Monday April 13, 2015
Well, we’re back in Indiantown and back to the reality that we need to jump right into boat work in order to get ourselves moving along to see any hope of cruising again by the new year.
On how we got back here from the Bahamas though…. Â All four of us were up at the crack of dawn on Sunday to give ourselves as much time and as much daylight as possible for the 55 mile journey back to West Palm Beach and our familiar anchorage in Lake Worth. Â We thought we might be the first ones out of the marina besides the fisherman that get out while the skies are still dark and a little hazy, but we found ourselves patiently waiting for three other sailboats to back themselves out and clear the channel before we could take our turn.
Out on the water we immediately raised our sails and finally caught those east trade winds at an angle that suited us perfectly. Â Pointing on a southwest course to counteract the Gulf Stream, we were on a comfortable broad reach and serenely sailing along at 6.5 knots. Â The day was sunny and perfect, and much of my time was spent behind the wheel. Â The least I could do to earn my position on board, and honestly it felt kind of nice. Â I might have to remind myself of that every now and then on our own boat when we’re always so quick to throw on the autopilot as soon as we exit a harbor.
Every few hours we’d check our position on the tablet to see how far was left and if we were staying on course. Â It turned out that in my few hours behind the wheel I had actually been pointing us a little further south than we needed to be and we were actually coming in closer to Fort Lauderdale than West Palm Beach. Â A few more alterations and we were heading in the right direction, although I may had inadvertently cost us an extra hour on the water. Â Not normally a big deal, but it can be when you’re trying to beat the sunset. I guess we must have been fighting a much stronger current on the way over than coming back and our course was much closer to our heading this time around.
Realizing that we’d now be hitting the inlet around 9 pm wasn’t the worst thing in the world as we’d exited it in the dark and it would just mean a very sharp lookout for channel markers once more. Â Knowing that we’d at least be at anchor that night though was a big relief.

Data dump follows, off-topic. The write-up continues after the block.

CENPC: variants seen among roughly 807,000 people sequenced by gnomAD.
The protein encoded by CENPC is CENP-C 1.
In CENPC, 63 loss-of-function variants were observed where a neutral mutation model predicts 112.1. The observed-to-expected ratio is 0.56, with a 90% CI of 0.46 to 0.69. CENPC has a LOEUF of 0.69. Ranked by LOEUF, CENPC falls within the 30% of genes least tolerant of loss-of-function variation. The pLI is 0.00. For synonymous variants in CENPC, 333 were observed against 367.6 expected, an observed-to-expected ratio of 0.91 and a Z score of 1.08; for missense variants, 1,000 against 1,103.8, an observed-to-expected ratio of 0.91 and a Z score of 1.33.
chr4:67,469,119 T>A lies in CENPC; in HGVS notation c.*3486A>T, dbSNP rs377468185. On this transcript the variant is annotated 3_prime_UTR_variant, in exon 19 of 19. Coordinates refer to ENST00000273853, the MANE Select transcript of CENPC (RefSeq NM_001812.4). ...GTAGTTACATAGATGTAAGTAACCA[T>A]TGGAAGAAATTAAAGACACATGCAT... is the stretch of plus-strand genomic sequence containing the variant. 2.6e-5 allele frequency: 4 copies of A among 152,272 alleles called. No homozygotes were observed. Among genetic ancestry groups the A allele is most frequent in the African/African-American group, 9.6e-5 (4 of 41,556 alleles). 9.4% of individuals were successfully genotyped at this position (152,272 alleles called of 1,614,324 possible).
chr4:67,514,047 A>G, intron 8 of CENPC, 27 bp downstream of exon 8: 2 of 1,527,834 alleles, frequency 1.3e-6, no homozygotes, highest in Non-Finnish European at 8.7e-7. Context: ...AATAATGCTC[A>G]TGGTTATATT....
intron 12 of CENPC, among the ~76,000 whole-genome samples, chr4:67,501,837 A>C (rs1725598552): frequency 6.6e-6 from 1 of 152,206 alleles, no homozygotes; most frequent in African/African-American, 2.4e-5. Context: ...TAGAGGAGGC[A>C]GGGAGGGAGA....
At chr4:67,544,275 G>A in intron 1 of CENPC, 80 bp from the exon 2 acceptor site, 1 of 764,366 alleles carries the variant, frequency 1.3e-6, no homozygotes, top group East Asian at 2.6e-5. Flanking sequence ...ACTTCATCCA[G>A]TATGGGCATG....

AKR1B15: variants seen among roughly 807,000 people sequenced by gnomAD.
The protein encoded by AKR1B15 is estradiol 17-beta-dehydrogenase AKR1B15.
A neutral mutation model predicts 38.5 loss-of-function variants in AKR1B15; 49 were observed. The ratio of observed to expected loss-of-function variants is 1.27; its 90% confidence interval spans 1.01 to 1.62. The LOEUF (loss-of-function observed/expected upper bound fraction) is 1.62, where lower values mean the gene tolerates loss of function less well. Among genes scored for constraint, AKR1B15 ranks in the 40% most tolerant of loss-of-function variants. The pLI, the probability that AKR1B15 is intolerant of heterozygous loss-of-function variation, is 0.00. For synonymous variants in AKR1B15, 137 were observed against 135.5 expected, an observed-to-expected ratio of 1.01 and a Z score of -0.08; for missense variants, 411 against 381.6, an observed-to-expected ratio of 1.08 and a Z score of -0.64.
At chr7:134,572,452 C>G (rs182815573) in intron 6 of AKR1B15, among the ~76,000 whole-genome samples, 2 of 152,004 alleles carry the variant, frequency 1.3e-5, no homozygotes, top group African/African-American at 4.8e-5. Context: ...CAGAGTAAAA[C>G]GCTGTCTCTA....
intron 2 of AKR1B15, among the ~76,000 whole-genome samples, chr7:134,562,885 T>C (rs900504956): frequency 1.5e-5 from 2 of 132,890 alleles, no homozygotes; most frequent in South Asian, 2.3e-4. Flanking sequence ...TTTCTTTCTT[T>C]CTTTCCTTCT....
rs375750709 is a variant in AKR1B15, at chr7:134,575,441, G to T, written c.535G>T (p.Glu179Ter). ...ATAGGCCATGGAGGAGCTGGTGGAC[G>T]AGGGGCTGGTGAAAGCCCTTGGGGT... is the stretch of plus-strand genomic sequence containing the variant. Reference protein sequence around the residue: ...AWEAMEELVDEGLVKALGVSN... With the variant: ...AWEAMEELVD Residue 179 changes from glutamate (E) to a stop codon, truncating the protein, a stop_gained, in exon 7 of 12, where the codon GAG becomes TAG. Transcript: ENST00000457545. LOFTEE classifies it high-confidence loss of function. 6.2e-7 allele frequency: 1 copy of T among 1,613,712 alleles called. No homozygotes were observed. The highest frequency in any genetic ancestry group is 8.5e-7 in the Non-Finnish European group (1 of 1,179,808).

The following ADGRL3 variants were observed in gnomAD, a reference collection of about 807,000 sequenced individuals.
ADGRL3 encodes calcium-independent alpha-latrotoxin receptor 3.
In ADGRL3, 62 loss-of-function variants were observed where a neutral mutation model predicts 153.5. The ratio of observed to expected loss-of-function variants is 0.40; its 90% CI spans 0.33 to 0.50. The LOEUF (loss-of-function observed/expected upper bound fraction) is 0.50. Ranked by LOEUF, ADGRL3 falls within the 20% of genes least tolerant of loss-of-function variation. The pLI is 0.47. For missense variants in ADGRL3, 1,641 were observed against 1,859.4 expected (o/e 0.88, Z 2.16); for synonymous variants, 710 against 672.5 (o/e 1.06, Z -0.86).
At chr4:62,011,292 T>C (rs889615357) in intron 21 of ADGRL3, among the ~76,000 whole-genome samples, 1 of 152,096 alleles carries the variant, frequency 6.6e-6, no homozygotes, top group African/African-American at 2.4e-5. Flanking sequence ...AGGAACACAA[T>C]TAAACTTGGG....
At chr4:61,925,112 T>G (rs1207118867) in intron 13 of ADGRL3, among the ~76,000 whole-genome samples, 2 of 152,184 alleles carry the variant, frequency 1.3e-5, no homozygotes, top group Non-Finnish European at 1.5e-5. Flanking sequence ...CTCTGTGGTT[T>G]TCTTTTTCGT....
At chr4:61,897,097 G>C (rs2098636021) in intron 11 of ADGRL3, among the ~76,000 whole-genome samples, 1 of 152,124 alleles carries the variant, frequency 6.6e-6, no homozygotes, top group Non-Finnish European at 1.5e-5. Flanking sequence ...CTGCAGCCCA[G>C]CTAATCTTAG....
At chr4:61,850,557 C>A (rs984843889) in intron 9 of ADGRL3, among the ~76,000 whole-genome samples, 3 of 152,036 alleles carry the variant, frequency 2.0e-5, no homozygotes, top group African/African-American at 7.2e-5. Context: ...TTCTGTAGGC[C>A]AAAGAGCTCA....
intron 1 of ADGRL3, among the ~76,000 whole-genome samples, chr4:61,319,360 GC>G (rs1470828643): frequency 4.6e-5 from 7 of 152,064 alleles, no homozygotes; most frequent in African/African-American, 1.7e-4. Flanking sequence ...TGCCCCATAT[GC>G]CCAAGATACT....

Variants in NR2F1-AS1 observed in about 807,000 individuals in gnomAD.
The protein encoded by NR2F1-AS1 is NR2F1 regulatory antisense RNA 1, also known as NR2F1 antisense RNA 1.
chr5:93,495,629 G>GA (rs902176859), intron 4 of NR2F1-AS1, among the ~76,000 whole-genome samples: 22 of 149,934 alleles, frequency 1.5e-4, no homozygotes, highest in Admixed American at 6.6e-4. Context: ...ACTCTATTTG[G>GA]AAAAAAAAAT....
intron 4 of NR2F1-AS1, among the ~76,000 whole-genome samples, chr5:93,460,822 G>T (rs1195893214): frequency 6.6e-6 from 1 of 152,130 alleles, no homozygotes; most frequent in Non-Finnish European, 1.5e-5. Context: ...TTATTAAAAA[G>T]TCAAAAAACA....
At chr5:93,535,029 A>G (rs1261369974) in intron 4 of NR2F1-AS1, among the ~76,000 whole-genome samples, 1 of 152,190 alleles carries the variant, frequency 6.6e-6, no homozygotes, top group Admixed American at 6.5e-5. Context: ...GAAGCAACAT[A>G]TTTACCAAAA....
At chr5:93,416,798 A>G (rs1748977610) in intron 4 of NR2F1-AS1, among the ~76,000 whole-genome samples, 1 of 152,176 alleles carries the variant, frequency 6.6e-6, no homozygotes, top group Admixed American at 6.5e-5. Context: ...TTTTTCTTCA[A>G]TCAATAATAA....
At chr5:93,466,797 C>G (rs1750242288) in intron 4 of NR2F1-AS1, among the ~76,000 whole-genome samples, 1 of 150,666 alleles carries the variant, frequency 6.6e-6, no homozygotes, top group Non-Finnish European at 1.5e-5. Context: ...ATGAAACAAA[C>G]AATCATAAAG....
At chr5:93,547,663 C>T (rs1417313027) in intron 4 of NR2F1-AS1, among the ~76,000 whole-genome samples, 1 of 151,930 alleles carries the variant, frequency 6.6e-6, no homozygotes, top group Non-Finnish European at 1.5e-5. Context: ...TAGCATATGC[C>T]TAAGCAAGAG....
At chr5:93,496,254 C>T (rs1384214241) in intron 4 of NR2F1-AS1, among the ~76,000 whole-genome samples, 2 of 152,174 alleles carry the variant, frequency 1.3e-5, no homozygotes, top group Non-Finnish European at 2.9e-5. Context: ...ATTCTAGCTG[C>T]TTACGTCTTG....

Getting within about a half mile of the beginning of the channel we threw on Â the now repaired engine and put the sails away. Â Everything was looking good until we were only a quarter mile away and the engine shut down. Â Not knowing what the issue was, Matt and Bob ran down below deck to diagnose it. Â Joni and I stayed up on deck and since we still had a good bit of forward momentum, I kept us pointing at the channel in case the problem was fixed right away and we could continue our way in. Â Looks like our slightly southern approach was paying off.
Another 20 minutes later though I was now upon the first buoy for the channel and there was still not a peep from the engine. Â The guys still weren’t sure what the issue was but were going to bleed the fuel lines in case they had air in them. Â It was the only thing that made sense to them. Â This project was going to take at least another 20 minutes though and I didn’t have time to continue drifting NW before coming too close to shore and other unknowns. Â Cranking the wheel another 40 degrees I turned us dead north and rode the Gulf Stream until the situation below was taken care of.
Under bare poles and through the current alone, Shamroga pushed forward at an amazing 3.5 knots. Â When I did hear the roar of the engine again 20-25 minutes later we had already covered over a mile just by drifting and then had to fight the current south to get back to where we originally had been, traveling at 2 knots with the engine under almost full power. Â Eventually we made it back to the original buoy and were able to point ourselves west and resume a normal pace.